@Robert: “if he’s cheating report him then”

    I’d repeat my point of people not being competent to judge anyone’s disability but their own. I had a false allegation of benefit fraud laid against me earlier this year. The DWP dismissed it almost immediately, but even that was sufficient to cause a marked worsening in my disability for a period of months. Anyone who thinks that they can throw around accusations of benefit fraud without there being a risk to the innocent should think twice.

  10. David Gillon
    Aug 2nd 2011, 4:58 am

    @Robert: “if he’s cheating report him then”

    I’d repeat my point of people not being competent to judge anyone’s disability but their own. I had a false allegation of benefit fraud laid against me earlier this year. The DWP dismissed it almost immediately, but even that was sufficient to cause a marked worsening in my disability for a period of months. Anyone who thinks that they can throw around accusations of benefit fraud without there being a risk to the innocent should think twice.

  11. Robert
    Aug 2nd 2011, 11:39 am

    Sorry David mate it was not for you but the idiot who knows a cheat we have these people all over the place, your lucky I have been reported twice, both times for having a New Car of course it has hand controls and takes a wheelchair, the lady who reported me twice cannot get DLA, she has tried number of times but she like many fill in the forms them selves then get annoyed when they see people get more then them, she was given a police warning in the end after I woke up with the tyres on my car slashed.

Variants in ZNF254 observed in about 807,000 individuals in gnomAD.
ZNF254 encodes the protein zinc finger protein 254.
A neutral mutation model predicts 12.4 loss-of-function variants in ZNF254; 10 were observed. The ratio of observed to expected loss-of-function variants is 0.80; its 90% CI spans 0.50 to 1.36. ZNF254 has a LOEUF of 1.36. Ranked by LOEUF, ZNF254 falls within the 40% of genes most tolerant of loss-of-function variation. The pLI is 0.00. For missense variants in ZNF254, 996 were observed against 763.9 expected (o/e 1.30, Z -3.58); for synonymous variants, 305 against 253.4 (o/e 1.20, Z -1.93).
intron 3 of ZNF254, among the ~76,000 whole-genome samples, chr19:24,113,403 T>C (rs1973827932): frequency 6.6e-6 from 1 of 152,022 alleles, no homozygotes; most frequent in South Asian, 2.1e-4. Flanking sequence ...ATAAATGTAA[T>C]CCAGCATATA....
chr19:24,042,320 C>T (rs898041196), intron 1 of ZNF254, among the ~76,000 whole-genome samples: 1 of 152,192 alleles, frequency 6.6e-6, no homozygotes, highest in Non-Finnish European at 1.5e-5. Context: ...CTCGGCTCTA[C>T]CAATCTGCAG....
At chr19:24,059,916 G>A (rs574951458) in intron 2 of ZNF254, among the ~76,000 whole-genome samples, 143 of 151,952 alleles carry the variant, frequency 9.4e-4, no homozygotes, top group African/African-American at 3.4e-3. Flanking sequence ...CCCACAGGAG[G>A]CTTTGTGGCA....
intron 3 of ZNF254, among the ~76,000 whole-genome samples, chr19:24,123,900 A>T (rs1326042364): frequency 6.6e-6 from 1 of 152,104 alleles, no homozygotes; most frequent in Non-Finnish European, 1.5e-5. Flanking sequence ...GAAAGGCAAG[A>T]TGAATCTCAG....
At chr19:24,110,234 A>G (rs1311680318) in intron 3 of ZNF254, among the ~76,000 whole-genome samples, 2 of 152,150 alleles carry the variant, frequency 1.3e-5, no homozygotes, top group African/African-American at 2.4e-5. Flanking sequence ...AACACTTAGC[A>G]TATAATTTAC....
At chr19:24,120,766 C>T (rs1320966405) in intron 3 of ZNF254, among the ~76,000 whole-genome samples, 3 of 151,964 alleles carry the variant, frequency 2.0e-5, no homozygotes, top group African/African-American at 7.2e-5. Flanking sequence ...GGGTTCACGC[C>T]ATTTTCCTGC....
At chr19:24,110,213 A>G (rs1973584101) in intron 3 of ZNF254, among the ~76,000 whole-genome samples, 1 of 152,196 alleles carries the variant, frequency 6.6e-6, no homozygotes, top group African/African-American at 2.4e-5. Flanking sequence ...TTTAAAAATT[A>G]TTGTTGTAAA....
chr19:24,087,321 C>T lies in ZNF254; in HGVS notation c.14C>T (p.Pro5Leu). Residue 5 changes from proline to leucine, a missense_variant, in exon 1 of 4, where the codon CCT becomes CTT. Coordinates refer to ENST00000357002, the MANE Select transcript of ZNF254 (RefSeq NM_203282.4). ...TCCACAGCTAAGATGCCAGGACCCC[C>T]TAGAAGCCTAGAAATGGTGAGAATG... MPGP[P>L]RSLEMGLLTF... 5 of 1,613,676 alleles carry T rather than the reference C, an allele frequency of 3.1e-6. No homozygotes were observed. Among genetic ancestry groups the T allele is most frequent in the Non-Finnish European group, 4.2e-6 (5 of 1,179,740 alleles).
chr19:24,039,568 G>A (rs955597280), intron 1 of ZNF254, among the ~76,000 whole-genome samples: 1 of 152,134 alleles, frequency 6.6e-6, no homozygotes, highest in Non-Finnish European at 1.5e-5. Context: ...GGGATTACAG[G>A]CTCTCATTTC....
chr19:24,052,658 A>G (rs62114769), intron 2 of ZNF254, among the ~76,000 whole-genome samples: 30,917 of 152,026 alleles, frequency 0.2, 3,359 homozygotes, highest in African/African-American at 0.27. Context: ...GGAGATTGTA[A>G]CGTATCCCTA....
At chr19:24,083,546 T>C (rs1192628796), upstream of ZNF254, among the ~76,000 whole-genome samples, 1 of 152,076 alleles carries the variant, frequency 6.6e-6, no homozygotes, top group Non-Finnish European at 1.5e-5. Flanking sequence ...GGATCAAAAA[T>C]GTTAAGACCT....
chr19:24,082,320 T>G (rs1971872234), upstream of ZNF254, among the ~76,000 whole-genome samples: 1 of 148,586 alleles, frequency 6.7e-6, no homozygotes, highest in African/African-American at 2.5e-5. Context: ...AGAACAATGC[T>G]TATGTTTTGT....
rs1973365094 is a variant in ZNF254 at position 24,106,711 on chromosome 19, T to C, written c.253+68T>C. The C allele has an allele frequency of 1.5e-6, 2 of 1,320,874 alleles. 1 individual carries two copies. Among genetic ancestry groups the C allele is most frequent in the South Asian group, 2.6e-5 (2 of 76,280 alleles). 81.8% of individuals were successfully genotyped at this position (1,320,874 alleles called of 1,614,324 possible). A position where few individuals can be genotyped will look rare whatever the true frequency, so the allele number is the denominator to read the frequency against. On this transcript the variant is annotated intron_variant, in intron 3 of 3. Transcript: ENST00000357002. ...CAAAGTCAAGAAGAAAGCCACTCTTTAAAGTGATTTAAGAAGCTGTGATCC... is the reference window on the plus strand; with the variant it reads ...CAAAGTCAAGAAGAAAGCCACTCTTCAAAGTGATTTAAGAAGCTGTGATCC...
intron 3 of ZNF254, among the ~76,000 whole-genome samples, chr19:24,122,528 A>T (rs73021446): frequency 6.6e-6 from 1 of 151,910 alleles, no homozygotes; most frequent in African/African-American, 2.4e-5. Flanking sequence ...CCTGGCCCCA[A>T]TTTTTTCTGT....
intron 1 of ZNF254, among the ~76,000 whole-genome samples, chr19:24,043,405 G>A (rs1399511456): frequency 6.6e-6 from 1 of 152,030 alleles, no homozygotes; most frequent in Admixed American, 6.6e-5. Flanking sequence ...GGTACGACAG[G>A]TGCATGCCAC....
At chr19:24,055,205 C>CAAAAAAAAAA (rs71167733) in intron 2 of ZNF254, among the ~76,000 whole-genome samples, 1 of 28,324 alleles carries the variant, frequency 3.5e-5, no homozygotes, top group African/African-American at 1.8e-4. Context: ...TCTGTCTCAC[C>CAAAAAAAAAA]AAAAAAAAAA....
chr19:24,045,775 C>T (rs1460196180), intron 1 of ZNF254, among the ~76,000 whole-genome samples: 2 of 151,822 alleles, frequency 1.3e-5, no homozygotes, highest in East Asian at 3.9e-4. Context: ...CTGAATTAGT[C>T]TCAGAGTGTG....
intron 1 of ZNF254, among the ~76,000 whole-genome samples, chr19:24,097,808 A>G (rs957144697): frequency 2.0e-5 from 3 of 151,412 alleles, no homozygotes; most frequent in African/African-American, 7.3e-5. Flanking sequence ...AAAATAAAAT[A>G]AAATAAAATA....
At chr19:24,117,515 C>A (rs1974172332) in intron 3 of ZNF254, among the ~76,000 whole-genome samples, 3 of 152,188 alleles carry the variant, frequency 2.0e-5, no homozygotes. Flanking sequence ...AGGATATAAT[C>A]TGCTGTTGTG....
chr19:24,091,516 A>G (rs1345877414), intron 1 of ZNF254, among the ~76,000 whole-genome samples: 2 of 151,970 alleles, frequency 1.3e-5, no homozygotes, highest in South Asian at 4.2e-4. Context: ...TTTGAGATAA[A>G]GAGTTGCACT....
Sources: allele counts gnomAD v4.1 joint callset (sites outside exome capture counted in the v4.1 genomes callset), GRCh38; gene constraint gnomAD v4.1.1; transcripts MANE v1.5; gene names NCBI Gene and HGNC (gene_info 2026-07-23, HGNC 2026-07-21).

I now have CCTV on my home placed their by the council and I live on an estate built for people with disabilities.

    If people know a cheat then report them, make sure though they do not have HIV or Aids or cancer first.

    I’m Paraplegic

  12. David Gillon
    Aug 2nd 2011, 12:24 pm

    Robert, no problem. But I really do believe it is impossible to know within reasonable doubt whether someone is disabled or not, there is so much of even major physical disabilities we simply cannot see, my own case being a good example. If I’m not using my crutches how can you tell I’m disabled, yet the pain goes on whether you see it or not and people simply don’t stop to think and wonder if there might be more to the situation than they see. We need to get the message out to people that false accusations are a crime, and if you don’t know within reasonable doubt, then your accusation is false.

  13. Robert
    Aug 2nd 2011, 12:37 pm

    Hence I pointed out to make sure before you report them, they do not have HIV or Aids or cancer, or mental health issues, disabled people tend to hide disabilities very well,